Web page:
The John E. Poole Wetland


During my visit to Edmonton, there were two places I was hoping to go birding: Elk Island National Park and the John E. Poole Wetland in Lois Hole Centennial Provincial Park. My sister’s new place was only a 15-minute drive from Lois Hole PP, and as she isn’t a birder, I decided to forego the long drive to Elk Island in order to visit the much smaller wetland twice. We did one morning visit for birds and an afternoon visit for bugs, which worked out perfectly with her schedule.

The wetland is adjacent to Big Lake in St. Albert, a globally recognized Important Bird Area which provides habitat for thousands of waterfowl and shorebirds during both migration and the breeding season. The 350-metre long boardwalk crosses through the marsh, with sections of open water among the dense cattails to provide windows into the wetland. My mother, stepfather and I visited the wetland in early July 2018 on a gray, breezy day where the highlights included Eared Grebe, three Sora calling, a Wilson’s Snipe calling, four Black Terns, five Common Yellowthroats, and an assortment of waterfowl, including Bufflehead and Ring-necked Duck – two ducks we only see during migration in Ottawa.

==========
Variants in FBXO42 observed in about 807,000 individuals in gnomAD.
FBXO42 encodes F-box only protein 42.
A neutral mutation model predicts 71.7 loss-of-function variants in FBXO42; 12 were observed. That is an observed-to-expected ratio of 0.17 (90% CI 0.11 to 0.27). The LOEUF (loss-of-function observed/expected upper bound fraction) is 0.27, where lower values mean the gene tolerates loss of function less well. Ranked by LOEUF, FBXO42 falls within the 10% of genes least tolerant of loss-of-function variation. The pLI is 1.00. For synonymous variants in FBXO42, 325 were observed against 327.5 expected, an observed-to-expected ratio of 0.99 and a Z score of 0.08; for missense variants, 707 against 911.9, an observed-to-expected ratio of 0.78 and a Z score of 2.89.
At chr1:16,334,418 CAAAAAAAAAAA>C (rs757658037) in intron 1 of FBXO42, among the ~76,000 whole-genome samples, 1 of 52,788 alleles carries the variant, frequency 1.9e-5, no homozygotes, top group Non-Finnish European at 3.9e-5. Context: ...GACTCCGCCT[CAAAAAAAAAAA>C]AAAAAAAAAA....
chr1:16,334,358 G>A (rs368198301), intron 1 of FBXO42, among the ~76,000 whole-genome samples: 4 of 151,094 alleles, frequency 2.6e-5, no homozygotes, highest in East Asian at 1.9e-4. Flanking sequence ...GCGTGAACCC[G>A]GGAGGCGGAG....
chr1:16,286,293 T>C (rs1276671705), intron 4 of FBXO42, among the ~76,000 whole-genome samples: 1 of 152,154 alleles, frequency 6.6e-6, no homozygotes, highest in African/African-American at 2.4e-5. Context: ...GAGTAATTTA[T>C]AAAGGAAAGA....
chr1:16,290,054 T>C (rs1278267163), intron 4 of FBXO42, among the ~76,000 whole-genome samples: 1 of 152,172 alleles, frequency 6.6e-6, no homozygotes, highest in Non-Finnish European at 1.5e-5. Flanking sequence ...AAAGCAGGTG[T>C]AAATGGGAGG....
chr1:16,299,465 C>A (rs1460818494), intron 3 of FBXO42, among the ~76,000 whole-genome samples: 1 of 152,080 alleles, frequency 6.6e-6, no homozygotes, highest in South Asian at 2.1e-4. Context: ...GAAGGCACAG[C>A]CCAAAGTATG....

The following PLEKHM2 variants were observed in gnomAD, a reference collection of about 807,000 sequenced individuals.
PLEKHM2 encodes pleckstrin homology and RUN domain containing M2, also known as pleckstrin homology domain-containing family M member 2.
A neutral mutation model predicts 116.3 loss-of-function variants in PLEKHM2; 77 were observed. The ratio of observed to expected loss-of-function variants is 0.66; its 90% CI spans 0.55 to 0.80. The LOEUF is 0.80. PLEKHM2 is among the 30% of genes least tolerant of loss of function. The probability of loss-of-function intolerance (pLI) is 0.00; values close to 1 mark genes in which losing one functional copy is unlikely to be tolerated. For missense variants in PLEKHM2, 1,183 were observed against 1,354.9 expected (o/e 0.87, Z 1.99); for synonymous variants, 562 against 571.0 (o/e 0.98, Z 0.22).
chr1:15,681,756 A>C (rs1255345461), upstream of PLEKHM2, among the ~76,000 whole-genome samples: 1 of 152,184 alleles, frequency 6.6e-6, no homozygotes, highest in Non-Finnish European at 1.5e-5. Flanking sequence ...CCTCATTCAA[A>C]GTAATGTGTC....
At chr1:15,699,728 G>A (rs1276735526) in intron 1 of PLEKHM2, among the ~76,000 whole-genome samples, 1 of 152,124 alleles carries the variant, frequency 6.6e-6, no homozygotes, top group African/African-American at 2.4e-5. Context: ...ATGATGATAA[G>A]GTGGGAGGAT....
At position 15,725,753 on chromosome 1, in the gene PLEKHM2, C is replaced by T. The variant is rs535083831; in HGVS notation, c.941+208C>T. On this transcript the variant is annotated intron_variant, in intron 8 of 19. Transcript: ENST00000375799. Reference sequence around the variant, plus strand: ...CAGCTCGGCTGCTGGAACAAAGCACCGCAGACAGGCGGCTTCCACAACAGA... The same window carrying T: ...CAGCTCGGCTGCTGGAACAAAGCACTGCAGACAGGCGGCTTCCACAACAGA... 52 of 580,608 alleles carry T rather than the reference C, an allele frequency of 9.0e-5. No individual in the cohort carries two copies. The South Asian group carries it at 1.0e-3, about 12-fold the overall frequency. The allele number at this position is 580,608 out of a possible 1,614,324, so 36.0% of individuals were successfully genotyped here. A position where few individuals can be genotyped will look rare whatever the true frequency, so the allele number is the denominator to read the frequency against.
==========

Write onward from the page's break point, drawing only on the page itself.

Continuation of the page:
Unfortunately the only one of these species still present in mid-September was the Bufflehead, unless the others were far out on Big Lake where we couldn’t see them. Three species of dabbling ducks were present in the open water of the wetland, including female-type Gadwall and Blue-winged Teals – two species I usually don’t see up close in Ottawa. The Gadwall was resting against the reeds when we first spotted it, then left for a leisurely swim. The white wing patch (called a speculum) is diagnostic among the dabbling ducks. The female Gadwall resembles a female mallard, but has a distinctly puffy-looking head and an orange bill with black on the top.


There were five Blue-winged Teal altogether in the pond, and while most of them began swimming away when we stepped onto the viewing platform, one eventually returned and began preening. The female, too, resembles the female mallard (as does the non-breeding male), but note the faint dark line through the eye, the pale arcs above and below each eye giving it a surprised look, and a pale area at the base of the bill.

Blue-winged Teal

There were no Common Yellowthroats on this visit, but I did hear three different Swamp Sparrows calling from the cattails of the marsh. Cedar Waxwings were hawking for insects, and three swallows flew over at one point – likely Tree and Barn Swallows. When we got to the lookout we were surprised to see that it was closed – there was a fence blocking the entrance. It had been closed in 2018, too, and I was hoping it was open by now.

Lookout at Big Lake